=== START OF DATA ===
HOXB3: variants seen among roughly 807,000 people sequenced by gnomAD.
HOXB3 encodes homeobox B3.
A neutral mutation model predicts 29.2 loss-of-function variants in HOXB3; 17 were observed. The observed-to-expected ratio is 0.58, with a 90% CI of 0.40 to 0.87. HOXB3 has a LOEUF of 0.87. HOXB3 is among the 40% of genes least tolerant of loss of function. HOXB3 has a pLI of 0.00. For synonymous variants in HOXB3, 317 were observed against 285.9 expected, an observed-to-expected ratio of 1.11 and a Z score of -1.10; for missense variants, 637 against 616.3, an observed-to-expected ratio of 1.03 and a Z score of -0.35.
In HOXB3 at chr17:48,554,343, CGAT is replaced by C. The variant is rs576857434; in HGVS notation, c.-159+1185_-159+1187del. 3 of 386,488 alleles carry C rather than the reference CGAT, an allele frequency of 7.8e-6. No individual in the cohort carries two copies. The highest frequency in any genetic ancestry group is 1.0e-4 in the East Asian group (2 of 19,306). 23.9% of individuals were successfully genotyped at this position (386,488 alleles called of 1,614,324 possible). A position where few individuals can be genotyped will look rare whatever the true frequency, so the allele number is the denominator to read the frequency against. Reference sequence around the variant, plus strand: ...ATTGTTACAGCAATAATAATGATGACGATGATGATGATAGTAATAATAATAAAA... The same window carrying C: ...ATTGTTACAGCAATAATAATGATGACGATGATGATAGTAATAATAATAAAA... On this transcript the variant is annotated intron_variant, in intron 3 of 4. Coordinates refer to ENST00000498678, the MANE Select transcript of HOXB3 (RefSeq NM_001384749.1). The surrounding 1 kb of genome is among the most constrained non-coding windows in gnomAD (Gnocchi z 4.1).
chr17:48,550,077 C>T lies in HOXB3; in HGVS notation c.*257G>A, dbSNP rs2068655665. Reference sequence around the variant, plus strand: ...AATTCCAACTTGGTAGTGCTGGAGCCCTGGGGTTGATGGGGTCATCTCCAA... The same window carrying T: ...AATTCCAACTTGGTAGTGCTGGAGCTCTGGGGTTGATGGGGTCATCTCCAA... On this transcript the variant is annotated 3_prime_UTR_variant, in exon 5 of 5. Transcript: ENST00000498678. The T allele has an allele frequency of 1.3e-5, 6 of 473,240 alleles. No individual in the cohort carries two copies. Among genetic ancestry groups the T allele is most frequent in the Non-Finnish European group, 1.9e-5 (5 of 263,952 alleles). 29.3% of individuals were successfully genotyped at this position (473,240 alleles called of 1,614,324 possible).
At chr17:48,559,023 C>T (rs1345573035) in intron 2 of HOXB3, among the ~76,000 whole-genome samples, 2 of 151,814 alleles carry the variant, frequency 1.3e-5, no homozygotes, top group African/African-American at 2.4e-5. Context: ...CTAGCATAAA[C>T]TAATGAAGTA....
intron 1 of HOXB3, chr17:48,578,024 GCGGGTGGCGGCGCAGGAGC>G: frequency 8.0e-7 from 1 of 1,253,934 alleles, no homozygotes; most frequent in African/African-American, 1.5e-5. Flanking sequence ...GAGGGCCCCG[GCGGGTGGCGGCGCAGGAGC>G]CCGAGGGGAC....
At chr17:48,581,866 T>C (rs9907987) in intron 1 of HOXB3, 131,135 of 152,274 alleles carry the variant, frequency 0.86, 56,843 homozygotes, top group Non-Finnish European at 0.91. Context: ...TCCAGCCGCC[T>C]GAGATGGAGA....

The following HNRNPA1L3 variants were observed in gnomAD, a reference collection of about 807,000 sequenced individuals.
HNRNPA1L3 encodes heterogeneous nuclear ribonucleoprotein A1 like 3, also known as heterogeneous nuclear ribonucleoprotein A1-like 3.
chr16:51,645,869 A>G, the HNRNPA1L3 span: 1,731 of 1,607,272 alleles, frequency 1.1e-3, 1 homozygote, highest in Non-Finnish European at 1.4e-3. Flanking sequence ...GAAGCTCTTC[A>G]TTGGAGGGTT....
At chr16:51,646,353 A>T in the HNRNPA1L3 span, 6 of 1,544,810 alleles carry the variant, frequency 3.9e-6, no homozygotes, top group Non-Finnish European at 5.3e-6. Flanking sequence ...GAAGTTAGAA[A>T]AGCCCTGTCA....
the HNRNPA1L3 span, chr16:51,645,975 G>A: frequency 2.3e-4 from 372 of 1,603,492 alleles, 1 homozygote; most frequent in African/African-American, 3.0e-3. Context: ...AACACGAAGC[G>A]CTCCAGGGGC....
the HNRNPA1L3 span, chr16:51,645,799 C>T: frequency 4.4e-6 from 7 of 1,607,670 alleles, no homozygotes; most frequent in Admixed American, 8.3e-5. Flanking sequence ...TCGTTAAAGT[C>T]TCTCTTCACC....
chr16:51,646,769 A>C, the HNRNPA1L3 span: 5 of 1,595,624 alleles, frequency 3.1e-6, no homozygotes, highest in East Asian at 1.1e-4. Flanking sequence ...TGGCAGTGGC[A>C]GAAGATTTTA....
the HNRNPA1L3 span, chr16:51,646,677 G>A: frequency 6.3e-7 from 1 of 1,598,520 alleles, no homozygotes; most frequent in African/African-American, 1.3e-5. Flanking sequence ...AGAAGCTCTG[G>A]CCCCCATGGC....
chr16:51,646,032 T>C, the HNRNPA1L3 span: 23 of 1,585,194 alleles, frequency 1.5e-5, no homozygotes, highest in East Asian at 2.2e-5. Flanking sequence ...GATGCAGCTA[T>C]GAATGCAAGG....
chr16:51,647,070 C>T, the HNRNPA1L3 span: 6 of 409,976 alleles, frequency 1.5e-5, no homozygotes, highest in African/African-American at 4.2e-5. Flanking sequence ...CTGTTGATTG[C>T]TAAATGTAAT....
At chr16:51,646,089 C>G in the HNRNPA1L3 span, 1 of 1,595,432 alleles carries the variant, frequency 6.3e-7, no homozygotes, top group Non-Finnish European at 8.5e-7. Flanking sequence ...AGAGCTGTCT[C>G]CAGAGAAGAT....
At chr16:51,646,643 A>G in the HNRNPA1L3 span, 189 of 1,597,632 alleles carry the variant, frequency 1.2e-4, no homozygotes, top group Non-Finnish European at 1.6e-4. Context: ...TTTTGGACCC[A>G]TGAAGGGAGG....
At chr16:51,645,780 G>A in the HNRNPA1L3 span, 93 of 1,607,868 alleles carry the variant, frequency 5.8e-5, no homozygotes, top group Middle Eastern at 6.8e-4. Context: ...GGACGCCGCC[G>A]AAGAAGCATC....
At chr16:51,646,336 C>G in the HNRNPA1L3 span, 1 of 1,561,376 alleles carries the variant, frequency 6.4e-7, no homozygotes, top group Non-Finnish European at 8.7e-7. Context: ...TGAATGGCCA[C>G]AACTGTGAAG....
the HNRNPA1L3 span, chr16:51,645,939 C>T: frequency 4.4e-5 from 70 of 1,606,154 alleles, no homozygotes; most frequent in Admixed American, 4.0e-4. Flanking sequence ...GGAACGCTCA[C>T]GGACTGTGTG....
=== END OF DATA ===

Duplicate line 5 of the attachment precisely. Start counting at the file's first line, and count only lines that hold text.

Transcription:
chr17:48,550,077 C>T lies in HOXB3; in HGVS notation c.*257G>A, dbSNP rs2068655665. Reference sequence around the variant, plus strand: ...AATTCCAACTTGGTAGTGCTGGAGCCCTGGGGTTGATGGGGTCATCTCCAA... The same window carrying T: ...AATTCCAACTTGGTAGTGCTGGAGCTCTGGGGTTGATGGGGTCATCTCCAA... On this transcript the variant is annotated 3_prime_UTR_variant, in exon 5 of 5. Transcript: ENST00000498678. The T allele has an allele frequency of 1.3e-5, 6 of 473,240 alleles. No individual in the cohort carries two copies. Among genetic ancestry groups the T allele is most frequent in the Non-Finnish European group, 1.9e-5 (5 of 263,952 alleles). 29.3% of individuals were successfully genotyped at this position (473,240 alleles called of 1,614,324 possible).